I thought about it when I saw one of the childhood homes dear to Mrs. Cleary, a modest, bungalow near Grant Park, on a block lined with tightly packed houses. She struggled with a bunch of “kids of the right age to play with,” and their escapades made her yearn for stories about the kids in the neighborhood. “I wanted books about the children of Hancock Street,” she wrote in “A Girl from Yamhill.” In her stories, she changed Hancock Street to Klickitat Street “because I had always liked the sound of the name when I had lived nearby.”
We found Klickitat Street of Books nearby, as well as Tillamook Street, both named after Native American tribes in the Pacific Northwest. As my 6-year-old daughter ran along, looking for vintage hitch rings, I imagined Ramona – or even a young Beverly – on those same sidewalks, falling on stilts made from cans of two-pound coffee and twine, or perch on the sidewalk. to attend the Rose Festival parade.
Over the next few days, we found the author’s former elementary school, a brick building now called the Beverly Cleary School, Fernwood Campus. We stopped at Multnomah County Central Library, an imposing brick structure in the city center where she did summer ‘hands-on’ as a student librarian (and where the children’s section is also named after her. ). We ate donuts and pizza. We visited Grant Park, where local artist Lee Hunt created a trio of bronze sculptures depicting three of Ms. Cleary’s beloved characters: Henry Huggins, her dog, Ribsy and Ramona, posed, as if they were on the move .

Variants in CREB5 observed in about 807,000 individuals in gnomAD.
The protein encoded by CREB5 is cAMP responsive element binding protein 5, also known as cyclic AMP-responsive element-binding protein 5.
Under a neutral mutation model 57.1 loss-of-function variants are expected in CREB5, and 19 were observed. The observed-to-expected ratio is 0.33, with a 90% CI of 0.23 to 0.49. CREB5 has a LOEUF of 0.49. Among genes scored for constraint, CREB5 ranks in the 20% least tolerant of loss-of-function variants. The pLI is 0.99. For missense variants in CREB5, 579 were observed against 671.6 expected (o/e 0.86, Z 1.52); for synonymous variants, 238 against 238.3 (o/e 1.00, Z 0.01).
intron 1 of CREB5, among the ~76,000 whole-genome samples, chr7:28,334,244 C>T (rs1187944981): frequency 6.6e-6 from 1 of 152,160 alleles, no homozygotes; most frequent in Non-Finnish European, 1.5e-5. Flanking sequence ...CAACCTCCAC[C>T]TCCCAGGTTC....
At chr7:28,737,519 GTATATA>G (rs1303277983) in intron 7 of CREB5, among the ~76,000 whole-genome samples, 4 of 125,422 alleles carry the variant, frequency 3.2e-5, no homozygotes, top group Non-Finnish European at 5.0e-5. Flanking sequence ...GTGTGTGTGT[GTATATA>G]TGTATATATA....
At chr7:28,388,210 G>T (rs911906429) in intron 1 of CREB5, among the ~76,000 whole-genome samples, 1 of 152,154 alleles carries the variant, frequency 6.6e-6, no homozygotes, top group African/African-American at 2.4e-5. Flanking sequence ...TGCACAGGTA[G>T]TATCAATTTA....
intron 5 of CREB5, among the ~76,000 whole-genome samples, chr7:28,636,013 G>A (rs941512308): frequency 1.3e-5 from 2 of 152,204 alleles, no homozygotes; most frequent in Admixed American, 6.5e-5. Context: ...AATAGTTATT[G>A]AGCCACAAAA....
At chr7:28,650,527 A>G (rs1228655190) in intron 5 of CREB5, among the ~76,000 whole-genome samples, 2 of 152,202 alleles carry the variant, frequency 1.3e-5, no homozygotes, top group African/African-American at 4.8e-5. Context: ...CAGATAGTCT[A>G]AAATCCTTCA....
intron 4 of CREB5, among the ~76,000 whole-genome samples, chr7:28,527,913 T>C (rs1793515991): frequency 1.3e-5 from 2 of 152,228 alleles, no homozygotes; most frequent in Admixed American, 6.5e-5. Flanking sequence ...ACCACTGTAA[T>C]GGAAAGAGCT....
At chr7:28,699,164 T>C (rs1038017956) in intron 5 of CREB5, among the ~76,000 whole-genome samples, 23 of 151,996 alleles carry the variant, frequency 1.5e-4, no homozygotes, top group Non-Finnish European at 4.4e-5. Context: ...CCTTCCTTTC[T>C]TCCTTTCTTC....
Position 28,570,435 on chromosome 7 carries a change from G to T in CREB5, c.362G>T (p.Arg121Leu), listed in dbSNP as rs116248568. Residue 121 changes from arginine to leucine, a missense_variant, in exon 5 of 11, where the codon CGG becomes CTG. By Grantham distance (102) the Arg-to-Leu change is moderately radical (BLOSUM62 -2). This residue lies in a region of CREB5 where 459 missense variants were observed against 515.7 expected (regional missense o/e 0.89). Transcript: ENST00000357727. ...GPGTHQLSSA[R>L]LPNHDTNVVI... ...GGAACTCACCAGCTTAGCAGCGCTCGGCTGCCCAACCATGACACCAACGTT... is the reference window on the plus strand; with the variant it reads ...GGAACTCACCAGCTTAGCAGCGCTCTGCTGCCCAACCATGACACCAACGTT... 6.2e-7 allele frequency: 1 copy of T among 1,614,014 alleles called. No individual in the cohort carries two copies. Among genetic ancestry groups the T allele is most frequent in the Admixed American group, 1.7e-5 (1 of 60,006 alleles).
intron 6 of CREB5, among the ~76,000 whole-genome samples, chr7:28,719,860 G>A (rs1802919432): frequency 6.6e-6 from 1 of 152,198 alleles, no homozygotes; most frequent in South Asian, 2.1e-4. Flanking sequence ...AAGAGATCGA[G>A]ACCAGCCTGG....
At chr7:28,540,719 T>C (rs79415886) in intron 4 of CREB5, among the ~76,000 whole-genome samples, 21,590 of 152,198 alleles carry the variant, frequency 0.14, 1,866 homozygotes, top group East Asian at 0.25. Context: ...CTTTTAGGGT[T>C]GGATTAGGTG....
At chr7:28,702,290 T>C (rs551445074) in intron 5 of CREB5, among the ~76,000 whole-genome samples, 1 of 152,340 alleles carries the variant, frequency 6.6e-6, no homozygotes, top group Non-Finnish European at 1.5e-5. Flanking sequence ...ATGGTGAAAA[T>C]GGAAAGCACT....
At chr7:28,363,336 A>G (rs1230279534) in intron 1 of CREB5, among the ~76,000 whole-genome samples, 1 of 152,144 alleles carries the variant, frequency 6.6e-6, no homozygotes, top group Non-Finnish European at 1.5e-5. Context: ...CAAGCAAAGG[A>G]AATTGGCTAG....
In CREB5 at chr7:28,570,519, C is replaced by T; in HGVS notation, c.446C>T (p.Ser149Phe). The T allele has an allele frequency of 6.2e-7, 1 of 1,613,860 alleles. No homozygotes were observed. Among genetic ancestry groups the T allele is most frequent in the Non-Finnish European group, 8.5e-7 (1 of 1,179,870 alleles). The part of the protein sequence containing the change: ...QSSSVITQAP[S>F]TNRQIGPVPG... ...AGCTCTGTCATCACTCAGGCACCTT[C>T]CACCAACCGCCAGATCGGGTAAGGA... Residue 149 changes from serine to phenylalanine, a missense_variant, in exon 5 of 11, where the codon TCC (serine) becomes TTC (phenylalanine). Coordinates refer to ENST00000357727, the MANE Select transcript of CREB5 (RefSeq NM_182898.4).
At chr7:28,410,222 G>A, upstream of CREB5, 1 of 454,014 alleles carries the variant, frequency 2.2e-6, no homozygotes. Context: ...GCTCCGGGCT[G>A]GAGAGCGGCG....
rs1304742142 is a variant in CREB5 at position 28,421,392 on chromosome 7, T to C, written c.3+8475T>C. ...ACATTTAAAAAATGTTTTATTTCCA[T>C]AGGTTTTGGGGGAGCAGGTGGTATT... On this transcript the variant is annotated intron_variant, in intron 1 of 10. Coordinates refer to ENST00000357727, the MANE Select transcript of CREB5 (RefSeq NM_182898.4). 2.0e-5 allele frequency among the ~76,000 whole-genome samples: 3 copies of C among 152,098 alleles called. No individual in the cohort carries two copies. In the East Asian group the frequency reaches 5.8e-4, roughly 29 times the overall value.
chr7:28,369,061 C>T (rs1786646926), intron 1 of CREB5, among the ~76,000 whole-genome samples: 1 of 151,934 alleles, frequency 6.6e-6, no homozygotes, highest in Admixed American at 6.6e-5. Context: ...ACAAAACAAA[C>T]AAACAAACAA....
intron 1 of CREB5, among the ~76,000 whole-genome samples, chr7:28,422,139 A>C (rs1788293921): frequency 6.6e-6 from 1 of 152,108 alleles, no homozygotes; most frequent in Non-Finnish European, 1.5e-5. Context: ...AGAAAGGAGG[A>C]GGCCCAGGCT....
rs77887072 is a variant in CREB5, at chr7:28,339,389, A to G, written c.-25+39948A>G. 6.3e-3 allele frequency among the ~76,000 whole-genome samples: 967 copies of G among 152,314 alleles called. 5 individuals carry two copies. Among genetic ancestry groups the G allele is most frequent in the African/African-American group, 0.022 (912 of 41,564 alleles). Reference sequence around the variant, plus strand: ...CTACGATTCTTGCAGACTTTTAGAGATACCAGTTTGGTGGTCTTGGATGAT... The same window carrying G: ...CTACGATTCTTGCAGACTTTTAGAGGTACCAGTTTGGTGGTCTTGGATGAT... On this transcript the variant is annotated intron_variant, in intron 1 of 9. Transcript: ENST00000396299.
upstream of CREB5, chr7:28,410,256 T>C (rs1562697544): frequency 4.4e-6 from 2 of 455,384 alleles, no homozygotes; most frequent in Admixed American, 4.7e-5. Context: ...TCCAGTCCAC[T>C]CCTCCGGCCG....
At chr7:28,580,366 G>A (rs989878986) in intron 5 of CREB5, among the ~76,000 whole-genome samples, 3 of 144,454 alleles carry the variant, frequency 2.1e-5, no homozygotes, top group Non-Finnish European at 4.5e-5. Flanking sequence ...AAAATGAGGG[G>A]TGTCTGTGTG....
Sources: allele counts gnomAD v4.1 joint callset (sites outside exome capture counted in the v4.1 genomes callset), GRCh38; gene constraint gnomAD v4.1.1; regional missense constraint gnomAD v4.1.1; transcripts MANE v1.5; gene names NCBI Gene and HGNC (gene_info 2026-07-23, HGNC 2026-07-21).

Even though it was a typical Portland winter day – damp – nothing could dampen my daughter’s joy when she saw her favorite characters made slightly larger than life. She ran to hold Ramona’s hand, beaming, and the image I took will forever be etched in my heart.
For my daughter, the best part of the trip was our visit to the Willamette Valley town of Yamhill, where we glimpsed the Victorian turreted house in which Mrs Cleary spent the first six years of her life. We spent the night in a nearby vintage trailer park, sleeping in a 1963 Airstream Overlander, as I imagined the author might have done with his own young family. For dinner, we roasted hot dogs and marshmallows, a meal my daughter always describes as one of the best in her life.